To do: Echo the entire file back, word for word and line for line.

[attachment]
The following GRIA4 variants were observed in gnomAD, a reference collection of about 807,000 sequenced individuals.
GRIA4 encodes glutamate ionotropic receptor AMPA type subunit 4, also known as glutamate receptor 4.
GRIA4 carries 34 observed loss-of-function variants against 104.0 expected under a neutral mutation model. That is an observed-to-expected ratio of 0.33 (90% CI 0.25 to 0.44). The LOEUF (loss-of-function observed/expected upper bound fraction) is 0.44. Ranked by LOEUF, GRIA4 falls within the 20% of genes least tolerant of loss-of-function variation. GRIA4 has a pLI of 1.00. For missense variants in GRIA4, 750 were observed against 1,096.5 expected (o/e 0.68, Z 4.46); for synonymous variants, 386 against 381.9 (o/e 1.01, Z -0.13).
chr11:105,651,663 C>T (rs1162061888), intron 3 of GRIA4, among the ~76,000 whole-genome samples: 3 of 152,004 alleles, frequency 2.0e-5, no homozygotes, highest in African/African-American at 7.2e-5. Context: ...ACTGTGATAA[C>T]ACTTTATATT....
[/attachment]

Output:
The following GRIA4 variants were observed in gnomAD, a reference collection of about 807,000 sequenced individuals.
GRIA4 encodes glutamate ionotropic receptor AMPA type subunit 4, also known as glutamate receptor 4.
GRIA4 carries 34 observed loss-of-function variants against 104.0 expected under a neutral mutation model. That is an observed-to-expected ratio of 0.33 (90% CI 0.25 to 0.44). The LOEUF (loss-of-function observed/expected upper bound fraction) is 0.44. Ranked by LOEUF, GRIA4 falls within the 20% of genes least tolerant of loss-of-function variation. GRIA4 has a pLI of 1.00. For missense variants in GRIA4, 750 were observed against 1,096.5 expected (o/e 0.68, Z 4.46); for synonymous variants, 386 against 381.9 (o/e 1.01, Z -0.13).
chr11:105,651,663 C>T (rs1162061888), intron 3 of GRIA4, among the ~76,000 whole-genome samples: 3 of 152,004 alleles, frequency 2.0e-5, no homozygotes, highest in African/African-American at 7.2e-5. Context: ...ACTGTGATAA[C>T]ACTTTATATT....